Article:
Music streaming revenue jumped 60 percent in 2016.
Music sales rose robustly for a second straight year, posting growth not seen in two decades thanks to the rapid adoption of streaming, the global industry body said Tuesday.
Despite sliding CD sales and downloads, revenue from recorded music around the world grew 5.9 percent in 2016 to total $15.7 billion, the International Federation of the Phonographic Industry said.
The growth tops the previous year’s 3.2 percent increase and marks the fastest rate since 1997 — when the recorded music industry first suffered a jolt with the dawn of the internet age.
Streaming revenue jumped 60 percent in 2016. Spotify led the way but the report said the market was buoyed by rising consumer choice among on-demand platforms including Apple Music, Tidal and Deezer.
Music executives cautioned that the market remained fragile and that the industry will need to keep adapting, with streaming only in its infancy.
“Remember, we’re only two years into our recovery after a decade and a half of decline,” Stu Bergen, CEO for international and global commercial services at Warner Music Group, told reporters on a conference call.
“We must remain alert, resourceful and ambitious. We’re no longer running up a down escalator, but that doesn’t mean we can relax,” he said.
– Boom felt around the world –
Frances Moore, CEO of the industry federation, said it was critical for the music business to keep investing in artists, who ultimately carry the industry’s fortunes.
She also renewed calls for a global overhaul in regulations that allow internet companies to skirt most responsibility for users’ uploads — which, music executives charge, leads to unfairly low revenue from omnipresent video site YouTube.
Music sales expanded in almost all major markets. Latin America had the highest rate of growth at 12 percent, led by a boom in Mexico even as the region’s largest market Brazil slipped slightly.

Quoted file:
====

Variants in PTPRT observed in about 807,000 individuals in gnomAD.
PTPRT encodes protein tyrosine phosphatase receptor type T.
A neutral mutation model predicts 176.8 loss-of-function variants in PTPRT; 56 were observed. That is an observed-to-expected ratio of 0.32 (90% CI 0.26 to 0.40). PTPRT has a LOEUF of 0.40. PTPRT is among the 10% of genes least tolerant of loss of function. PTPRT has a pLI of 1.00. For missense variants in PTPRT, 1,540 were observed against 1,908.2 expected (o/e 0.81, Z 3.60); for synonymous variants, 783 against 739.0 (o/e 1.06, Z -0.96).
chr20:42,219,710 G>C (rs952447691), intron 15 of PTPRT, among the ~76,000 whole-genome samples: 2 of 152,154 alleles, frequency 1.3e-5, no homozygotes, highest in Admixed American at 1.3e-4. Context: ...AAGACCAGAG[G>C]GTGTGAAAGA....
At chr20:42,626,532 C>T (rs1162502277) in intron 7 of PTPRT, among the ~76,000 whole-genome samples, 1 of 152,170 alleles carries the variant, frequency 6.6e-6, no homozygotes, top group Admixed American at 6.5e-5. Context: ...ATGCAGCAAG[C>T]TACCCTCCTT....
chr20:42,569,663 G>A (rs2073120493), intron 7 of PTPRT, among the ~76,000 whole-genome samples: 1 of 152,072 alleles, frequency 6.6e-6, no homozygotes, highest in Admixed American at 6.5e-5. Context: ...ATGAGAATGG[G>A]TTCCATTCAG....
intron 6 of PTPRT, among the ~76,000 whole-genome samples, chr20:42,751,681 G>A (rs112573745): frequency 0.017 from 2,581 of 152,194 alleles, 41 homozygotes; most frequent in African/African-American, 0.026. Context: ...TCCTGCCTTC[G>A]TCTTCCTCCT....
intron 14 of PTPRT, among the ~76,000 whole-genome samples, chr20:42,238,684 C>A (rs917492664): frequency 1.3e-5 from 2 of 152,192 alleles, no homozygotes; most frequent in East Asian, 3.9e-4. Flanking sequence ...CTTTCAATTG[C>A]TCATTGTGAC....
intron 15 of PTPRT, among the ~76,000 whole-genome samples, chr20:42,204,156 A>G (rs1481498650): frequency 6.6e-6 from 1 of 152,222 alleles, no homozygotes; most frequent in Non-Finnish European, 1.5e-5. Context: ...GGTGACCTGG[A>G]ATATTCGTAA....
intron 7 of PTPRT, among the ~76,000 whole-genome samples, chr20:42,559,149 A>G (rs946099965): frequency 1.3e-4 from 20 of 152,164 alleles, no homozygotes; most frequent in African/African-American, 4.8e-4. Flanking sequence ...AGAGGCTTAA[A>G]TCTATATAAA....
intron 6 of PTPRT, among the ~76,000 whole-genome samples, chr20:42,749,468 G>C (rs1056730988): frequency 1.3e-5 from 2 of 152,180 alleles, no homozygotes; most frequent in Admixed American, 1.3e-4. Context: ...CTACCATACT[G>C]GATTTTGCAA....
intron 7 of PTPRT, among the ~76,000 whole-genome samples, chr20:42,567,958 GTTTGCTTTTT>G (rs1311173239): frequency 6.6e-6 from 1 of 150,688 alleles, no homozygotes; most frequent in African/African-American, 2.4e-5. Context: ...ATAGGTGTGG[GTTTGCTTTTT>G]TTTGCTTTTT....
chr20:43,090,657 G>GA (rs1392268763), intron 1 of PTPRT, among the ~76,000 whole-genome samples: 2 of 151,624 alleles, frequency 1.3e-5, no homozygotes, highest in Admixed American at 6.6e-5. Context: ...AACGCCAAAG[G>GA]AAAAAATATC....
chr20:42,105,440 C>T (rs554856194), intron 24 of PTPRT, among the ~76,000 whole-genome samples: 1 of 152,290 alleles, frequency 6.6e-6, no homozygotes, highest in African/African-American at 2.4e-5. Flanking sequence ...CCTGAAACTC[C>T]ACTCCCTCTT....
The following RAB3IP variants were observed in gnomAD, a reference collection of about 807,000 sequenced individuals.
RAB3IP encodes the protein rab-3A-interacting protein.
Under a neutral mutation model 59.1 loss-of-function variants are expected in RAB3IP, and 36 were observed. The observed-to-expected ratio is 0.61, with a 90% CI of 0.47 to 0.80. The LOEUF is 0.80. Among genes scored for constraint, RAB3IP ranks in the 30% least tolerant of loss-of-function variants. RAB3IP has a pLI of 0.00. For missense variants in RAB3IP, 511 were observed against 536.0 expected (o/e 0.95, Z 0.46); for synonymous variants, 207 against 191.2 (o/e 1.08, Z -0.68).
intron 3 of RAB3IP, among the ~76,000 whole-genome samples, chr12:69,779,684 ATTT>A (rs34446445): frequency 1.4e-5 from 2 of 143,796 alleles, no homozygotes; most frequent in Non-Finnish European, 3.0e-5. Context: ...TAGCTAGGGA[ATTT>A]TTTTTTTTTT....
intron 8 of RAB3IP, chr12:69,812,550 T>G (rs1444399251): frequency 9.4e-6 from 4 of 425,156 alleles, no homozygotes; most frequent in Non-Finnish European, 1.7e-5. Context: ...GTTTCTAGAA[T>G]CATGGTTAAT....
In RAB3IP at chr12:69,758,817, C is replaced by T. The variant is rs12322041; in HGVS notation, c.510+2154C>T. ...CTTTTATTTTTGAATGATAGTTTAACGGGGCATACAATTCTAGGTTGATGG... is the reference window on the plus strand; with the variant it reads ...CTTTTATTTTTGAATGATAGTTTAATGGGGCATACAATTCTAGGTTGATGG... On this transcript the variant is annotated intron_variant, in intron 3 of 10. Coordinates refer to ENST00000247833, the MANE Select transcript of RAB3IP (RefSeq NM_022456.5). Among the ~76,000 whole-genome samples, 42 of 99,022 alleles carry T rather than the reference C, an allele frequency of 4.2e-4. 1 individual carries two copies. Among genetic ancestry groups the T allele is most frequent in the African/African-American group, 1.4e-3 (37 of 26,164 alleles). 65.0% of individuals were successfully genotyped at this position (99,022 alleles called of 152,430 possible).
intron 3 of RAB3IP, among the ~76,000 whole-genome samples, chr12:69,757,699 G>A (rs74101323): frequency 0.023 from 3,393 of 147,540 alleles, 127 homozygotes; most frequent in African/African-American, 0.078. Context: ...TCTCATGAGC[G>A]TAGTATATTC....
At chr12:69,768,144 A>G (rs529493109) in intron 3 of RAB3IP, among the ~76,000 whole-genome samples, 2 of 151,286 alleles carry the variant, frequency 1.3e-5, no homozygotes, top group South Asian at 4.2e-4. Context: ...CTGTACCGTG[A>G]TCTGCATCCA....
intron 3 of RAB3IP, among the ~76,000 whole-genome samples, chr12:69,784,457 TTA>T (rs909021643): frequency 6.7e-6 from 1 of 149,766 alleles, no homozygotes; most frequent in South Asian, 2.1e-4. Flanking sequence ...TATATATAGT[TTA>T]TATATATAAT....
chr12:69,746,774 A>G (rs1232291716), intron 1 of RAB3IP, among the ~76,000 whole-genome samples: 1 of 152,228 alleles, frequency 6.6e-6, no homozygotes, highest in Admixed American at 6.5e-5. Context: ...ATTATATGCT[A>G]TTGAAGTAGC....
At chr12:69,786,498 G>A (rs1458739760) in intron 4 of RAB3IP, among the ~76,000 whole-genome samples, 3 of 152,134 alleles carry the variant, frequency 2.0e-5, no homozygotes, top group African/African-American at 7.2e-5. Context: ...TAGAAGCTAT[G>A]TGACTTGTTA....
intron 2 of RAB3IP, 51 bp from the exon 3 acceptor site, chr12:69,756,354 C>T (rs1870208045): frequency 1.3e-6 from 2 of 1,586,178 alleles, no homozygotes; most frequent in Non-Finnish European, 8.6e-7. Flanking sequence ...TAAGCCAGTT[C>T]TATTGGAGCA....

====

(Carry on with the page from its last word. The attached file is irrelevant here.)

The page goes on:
Revenue in China soared by more than 20 percent as international music labels expand in the billion-plus country and leading local streaming company Tencent pulls in new customers.
The industry body saw the potential for major growth ahead in China, which despite its size remains only the 12th largest music market in the world.
Globally, downloading revenue from sites such as iTunes tumbled more than 20 percent. Physical sales slipped 7.6 percent although CDs remain a major force in the key markets of Japan and Germany.
Michael Nash, executive vice president for digital strategy at the world’s largest music group Universal, said the balance among formats was complex, with downloads clearly slipping in the face of streaming but vinyl winning a growing market among collectors.
“The digital transition is not a journey with a beginning, middle and end — physical to download to streaming,” he said.
“It is an ongoing transformation driven by a rate of technological change that shows no signs of decelerating,” he said.
The report found that Canadian hip-hop superstar Drake was the most popular global artist of 2016 on the back of infectious singles such as the streaming sensation “One Dance.”
Rock legend David Bowie, who died last year, came in second, while Beyonce’s conceptual “Lemonade” was the top-selling album worldwide.